Disadvantaged children born at the start of the 21st century weighed up to 5kg more in their childhood and early teenage years than those from more privileged backgrounds, a new study has found.
Yet in previous generations lower social class was associated with lower childhood and adolescent weight. As a result of these changes, social class inequalities in obesity emerged and widened at the end of the last century.
In 1973, Britain’s most disadvantaged teenagers weighed an average of 1.3kg less than their most advantaged peers. However, by 2015, teens from the most disadvantaged backgrounds weighed an average of 2.4kg more than the most privileged.
The findings, published in The Lancet Public Health suggest that Britain’s obesity epidemic has had a much greater impact on the country’s less well off.
Funded by CLOSER, researchers from UCL compared the childhood and adolescent social class, weight, height and BMI of British children from BCS70 with other longitudinal studies of people born in 1946, 1958 and 2001.
Their findings revealed that for children born in 1946, 1958 and 1970 their social class made little difference to their BMI at ages 7 or 11. However, for the children born in 2001, there were socioeconomic inequalities: those with from a lower social class were more likely to have a higher BMI and that the higher the BMI, the wider this socioeconomic inequality was.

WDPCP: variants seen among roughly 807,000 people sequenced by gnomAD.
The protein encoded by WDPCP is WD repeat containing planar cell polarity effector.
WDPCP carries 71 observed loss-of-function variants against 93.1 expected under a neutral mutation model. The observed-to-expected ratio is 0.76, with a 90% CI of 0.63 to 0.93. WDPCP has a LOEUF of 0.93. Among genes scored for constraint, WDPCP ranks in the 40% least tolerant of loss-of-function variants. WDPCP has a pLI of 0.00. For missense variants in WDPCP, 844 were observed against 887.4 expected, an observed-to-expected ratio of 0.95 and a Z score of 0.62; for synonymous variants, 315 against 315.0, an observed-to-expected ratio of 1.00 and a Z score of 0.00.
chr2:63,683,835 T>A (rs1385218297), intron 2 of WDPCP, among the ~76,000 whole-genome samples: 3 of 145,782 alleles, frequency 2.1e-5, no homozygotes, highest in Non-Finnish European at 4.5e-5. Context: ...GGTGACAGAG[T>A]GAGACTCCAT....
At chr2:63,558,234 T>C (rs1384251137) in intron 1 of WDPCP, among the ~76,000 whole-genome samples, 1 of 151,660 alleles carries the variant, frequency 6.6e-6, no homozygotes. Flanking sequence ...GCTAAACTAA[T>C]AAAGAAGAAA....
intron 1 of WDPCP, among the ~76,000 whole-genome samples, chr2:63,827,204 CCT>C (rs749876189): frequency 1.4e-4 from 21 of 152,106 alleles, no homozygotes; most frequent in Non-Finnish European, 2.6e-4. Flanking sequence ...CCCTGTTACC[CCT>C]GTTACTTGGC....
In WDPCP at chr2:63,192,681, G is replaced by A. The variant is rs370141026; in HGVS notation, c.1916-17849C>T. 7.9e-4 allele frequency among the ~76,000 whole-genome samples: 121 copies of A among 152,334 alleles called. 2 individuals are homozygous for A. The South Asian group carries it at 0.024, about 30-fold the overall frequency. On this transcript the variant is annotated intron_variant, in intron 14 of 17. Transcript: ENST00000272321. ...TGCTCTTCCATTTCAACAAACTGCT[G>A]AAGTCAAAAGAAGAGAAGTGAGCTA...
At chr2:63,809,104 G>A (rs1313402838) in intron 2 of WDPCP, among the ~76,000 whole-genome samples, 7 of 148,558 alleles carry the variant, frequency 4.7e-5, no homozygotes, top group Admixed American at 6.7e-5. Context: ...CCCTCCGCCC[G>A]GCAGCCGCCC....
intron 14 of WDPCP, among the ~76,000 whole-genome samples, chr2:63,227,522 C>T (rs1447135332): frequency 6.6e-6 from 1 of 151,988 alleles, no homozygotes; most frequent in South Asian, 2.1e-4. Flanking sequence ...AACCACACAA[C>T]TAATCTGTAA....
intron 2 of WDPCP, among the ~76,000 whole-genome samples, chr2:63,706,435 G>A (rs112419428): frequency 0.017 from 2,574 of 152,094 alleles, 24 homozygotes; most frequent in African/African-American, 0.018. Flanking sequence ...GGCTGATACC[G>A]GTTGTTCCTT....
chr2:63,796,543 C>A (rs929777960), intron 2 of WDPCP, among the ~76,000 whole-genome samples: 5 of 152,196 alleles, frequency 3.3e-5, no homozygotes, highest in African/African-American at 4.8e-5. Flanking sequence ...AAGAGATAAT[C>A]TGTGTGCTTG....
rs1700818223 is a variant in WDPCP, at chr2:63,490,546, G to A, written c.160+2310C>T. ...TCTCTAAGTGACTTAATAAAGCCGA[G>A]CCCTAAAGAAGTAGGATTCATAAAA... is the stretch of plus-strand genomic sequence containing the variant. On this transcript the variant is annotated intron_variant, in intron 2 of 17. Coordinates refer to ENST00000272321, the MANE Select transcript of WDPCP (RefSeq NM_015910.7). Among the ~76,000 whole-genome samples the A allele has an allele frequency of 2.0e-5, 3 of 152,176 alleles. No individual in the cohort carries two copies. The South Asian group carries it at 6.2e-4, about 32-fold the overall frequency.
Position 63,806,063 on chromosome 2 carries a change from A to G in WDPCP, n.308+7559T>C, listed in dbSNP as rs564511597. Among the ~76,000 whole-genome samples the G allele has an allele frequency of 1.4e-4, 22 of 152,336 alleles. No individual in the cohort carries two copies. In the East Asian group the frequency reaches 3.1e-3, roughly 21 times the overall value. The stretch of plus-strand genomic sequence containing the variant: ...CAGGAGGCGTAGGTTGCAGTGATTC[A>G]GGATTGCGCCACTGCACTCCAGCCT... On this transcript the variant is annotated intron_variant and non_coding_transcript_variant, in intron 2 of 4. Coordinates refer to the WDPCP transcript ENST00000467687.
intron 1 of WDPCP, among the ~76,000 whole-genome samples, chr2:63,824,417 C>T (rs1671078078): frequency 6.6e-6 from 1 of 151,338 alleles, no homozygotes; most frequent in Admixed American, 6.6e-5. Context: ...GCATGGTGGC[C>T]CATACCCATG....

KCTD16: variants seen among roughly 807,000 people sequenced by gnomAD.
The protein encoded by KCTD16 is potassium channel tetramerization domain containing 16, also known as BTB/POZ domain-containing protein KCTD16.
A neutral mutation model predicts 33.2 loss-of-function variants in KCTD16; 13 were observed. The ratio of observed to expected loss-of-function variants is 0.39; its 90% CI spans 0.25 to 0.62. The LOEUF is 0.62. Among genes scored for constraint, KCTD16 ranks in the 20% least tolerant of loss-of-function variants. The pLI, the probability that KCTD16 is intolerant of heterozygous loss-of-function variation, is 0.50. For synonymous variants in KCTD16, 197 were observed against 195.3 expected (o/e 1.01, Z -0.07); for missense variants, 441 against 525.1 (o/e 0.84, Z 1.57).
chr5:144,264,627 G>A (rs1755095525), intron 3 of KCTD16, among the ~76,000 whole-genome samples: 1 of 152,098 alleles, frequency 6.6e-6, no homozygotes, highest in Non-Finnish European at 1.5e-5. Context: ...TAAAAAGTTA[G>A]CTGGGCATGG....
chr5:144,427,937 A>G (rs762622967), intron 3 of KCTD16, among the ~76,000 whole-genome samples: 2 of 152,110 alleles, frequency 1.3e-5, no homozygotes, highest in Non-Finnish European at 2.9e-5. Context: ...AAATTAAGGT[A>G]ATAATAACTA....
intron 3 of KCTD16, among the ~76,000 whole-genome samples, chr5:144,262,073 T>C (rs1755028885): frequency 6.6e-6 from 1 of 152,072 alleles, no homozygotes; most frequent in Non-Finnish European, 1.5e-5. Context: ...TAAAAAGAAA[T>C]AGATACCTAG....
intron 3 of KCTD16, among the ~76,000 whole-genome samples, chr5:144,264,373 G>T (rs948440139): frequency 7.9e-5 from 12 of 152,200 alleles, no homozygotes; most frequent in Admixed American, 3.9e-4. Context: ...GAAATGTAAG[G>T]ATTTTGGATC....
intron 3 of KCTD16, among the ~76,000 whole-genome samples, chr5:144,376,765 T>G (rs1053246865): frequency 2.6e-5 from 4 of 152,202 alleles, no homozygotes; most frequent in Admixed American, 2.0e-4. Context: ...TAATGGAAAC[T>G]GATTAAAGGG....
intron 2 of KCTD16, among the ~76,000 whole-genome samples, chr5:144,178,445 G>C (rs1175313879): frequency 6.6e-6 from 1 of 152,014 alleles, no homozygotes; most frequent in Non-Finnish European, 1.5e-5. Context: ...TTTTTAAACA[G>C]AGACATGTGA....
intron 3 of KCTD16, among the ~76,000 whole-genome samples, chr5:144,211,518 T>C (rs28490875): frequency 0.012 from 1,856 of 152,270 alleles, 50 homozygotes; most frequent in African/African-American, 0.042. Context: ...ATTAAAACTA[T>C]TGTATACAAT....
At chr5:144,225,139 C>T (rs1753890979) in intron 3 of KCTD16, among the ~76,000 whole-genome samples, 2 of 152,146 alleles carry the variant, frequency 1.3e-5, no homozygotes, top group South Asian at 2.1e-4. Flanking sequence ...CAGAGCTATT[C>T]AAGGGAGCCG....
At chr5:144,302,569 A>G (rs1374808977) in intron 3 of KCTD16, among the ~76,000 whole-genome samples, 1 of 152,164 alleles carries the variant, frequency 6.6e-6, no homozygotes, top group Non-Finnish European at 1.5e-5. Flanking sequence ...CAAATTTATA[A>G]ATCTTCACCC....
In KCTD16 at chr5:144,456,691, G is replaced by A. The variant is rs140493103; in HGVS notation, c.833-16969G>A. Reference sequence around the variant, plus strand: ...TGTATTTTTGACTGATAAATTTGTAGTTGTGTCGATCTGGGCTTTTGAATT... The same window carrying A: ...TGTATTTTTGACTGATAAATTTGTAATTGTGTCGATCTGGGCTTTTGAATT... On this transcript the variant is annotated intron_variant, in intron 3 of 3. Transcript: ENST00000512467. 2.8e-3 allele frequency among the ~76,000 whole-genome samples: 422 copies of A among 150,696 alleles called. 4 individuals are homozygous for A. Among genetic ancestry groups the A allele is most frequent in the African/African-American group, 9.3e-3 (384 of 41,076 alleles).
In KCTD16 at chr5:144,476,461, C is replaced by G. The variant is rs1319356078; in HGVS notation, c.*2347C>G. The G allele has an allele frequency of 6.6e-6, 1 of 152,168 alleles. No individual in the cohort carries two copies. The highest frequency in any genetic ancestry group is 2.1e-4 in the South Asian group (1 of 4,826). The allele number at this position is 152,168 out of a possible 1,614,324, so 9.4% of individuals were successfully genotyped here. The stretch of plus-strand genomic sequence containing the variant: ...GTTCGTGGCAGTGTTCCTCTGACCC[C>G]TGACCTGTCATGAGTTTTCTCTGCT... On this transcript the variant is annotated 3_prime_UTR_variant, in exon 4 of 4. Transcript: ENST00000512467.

The authors say that these trends highlight the powerful influence that an environment encouraging consumption of a high-calorie diet and discouraging physical activity has had on socioeconomically disadvantaged children.
“Our findings illustrate a need for new effective policies to reduce obesity and its socioeconomic inequality in children in the UK – previous policies have not been adequate, and existing policies are unlikely to be either,” says lead author Dr David Bann, of the Centre for Longitudinal Studies at the UCL Institute of Education.
“Without effective interventions, childhood BMI inequalities are likely to widen further throughout adulthood, leading to decades of adverse health and economic consequences.”
David added, “Our results illustrate a need for strong additional legislative changes that focus on societal factors and the food industry, rather than individuals or families. Bold action is needed, such as creating further incentives for food manufacturers to reduce sugar and fat content in food and drinks, reduce the advertising of unhealthy foods to children and families, and incentivise the sale of healthier alternatives. The Soft Drinks Industrial Levy is a positive but likely very limited step in the right direction.”